Four years ago, when we started challenging the fashion industry to commit to eliminating toxic chemicals, we didn’t know how far we could get. Today, Detox is becoming a standard for textiles; something that brands are proud to be a part of. It is time to challenge another sector: the outdoor industry.
In 2012 and 2013 Greenpeace Germany conducted investigations which showed that most of the outdoor sector relies on per- and polyfluorinated chemicals (PFCs) to make outdoor gear waterproof.
Some PFCs are known to be hazardous. With others, we don’t know enough. That’s why we are calling for much more stringent regulations to protect the environment and our health. In light of the hazardous properties of many PFCs, it is not enough to merely regulate single substances as is currently being done at the international level. Greenpeace demands that the entire group of PFCs be put to the test.
In May and June Greenpeace is going to seven famous remote areas around the world to collect water and snow samples and test them for PFCs. In some cases this will be in collaboration with alpine associations or other volunteer groups. Our goal is to find out how widespread and out of control the problem of PFCs contamination really is. To what extent, even in very remote areas, far away from civilization or polluting industries are PFCs infecting ecosystems?
PFCs can persist in the environment for millions of years and future generations will continue to be exposed via contaminated water, air and food. They are already found deep in the ocean, on mountain tops, and in nearly all living creatures. Once these extremely persistent toxic chemicals are released into the environment during industrial production, there is no going back.
In China, we are running an expedition into the Haba Snow Mountains; in Europe, we are exploring the oldest national park in the Swiss Alps, collecting samples from extraordinary small lakes nested in the mountains. We are doing the same in the Sibillini National Park in the Italian Apennines, the High Tatras Mountains in central Europe and the Golden Mountains of Altai in Russia.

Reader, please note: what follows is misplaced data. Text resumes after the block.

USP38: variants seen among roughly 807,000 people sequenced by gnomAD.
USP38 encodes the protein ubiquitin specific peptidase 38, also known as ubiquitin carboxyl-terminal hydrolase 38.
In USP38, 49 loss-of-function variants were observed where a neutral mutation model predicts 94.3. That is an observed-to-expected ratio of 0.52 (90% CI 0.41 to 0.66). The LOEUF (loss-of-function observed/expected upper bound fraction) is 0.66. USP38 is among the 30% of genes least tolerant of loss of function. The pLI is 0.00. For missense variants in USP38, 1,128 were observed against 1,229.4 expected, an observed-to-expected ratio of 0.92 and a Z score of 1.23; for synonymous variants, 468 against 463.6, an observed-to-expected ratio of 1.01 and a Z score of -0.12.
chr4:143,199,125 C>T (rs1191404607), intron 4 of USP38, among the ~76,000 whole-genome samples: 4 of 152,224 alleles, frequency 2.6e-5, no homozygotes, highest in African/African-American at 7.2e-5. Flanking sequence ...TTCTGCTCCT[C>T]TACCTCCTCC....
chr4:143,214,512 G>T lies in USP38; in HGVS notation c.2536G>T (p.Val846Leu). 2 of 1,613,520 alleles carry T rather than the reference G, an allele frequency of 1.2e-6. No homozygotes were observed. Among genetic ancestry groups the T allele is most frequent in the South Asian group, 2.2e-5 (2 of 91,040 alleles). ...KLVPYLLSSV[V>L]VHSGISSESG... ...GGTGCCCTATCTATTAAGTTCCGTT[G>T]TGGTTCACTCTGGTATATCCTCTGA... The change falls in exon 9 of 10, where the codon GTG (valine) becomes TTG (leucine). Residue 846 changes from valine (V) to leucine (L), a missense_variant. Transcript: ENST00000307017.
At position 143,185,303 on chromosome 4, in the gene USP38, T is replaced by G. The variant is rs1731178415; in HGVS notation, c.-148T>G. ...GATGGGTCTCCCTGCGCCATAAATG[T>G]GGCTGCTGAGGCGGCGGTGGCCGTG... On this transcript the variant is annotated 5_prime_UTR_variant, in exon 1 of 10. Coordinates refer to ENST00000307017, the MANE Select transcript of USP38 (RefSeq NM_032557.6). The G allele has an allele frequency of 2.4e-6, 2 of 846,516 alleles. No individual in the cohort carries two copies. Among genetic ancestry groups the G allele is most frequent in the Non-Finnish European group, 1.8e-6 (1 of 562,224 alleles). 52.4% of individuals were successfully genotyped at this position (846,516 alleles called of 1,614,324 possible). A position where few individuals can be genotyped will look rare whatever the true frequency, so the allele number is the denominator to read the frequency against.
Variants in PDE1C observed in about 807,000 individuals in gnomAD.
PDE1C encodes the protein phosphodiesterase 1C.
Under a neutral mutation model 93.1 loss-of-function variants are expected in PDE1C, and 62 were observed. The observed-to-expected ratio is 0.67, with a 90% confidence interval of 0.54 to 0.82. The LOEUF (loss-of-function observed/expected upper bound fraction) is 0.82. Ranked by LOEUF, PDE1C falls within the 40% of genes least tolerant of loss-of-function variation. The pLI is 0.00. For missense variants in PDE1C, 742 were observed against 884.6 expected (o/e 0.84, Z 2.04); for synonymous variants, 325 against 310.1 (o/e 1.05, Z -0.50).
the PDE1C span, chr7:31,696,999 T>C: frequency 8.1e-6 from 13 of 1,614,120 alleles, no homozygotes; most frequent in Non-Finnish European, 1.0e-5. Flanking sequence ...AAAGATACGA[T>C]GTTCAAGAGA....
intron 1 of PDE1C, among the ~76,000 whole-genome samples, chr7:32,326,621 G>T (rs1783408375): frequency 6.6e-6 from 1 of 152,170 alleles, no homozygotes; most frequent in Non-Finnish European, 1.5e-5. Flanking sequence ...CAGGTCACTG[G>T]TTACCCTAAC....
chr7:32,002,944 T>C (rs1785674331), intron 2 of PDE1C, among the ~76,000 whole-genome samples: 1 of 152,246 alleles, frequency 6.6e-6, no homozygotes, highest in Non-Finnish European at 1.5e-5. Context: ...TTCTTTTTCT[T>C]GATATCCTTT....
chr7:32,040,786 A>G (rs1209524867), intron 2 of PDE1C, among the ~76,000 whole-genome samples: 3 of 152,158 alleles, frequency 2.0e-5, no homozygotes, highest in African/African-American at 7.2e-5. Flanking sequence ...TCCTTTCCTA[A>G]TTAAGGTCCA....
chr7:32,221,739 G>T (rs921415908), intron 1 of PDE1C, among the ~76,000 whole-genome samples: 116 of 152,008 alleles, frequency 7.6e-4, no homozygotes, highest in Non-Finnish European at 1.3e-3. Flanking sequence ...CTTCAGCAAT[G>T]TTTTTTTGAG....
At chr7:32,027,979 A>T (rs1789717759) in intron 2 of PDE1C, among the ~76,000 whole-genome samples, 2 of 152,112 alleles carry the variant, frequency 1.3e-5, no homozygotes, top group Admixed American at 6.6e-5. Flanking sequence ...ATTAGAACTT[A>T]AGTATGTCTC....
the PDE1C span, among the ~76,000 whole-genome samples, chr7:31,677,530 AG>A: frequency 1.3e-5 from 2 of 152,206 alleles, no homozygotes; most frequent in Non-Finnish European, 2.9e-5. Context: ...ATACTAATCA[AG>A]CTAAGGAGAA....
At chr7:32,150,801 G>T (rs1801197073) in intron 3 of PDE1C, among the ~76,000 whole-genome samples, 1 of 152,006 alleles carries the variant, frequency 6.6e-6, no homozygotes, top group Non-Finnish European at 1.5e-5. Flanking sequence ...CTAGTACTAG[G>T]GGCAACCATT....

In Chile, we are taking samples in the stunning Patagonian mountains of Torres del Paine. In Northern Europe, the expedition will cover Treriksroset – the point at which the borders of Sweden, Norway and Finland meet.
In this new challenge, we want to involve people passionate about outdoor sports, or simply urban people who wear waterproof jackets when taking their dogs for a walk in the park. Do they know that what they wear harms the environment?
Awareness is already growing among politicians and scientists and it is time for consumers to get involved.
On May 1st, in the so called “Madrid Statement”, more than 200 scientists from 38 countries called for PFC elimination from the production of all consumer products, including textiles. The entire class of highly fluorinated chemicals is extremely persistent, potentially toxic, and should be replaced with safer alternatives.
Many highly fluorinated chemicals continue to accumulate in the water and the food we eat. Exposure to high concentrations of PFC has been linked to a wide range of health problems including cancer, hypothyroidism, ulcerative colitis, lower birth weight and size, and decreased immune response to vaccines in children.
Let’s detox the great outdoors. Together we can eliminate PFCs. We can #DetoxOutdoor, we need to do it!
Share this blog spreading the #DetoxOutdoor message. If you want to do more, sign the fashion manifesto.
Gabriele Salari is the pro tempore Comms Lead for the Detox Outdoor project at Greenpeace Italy.
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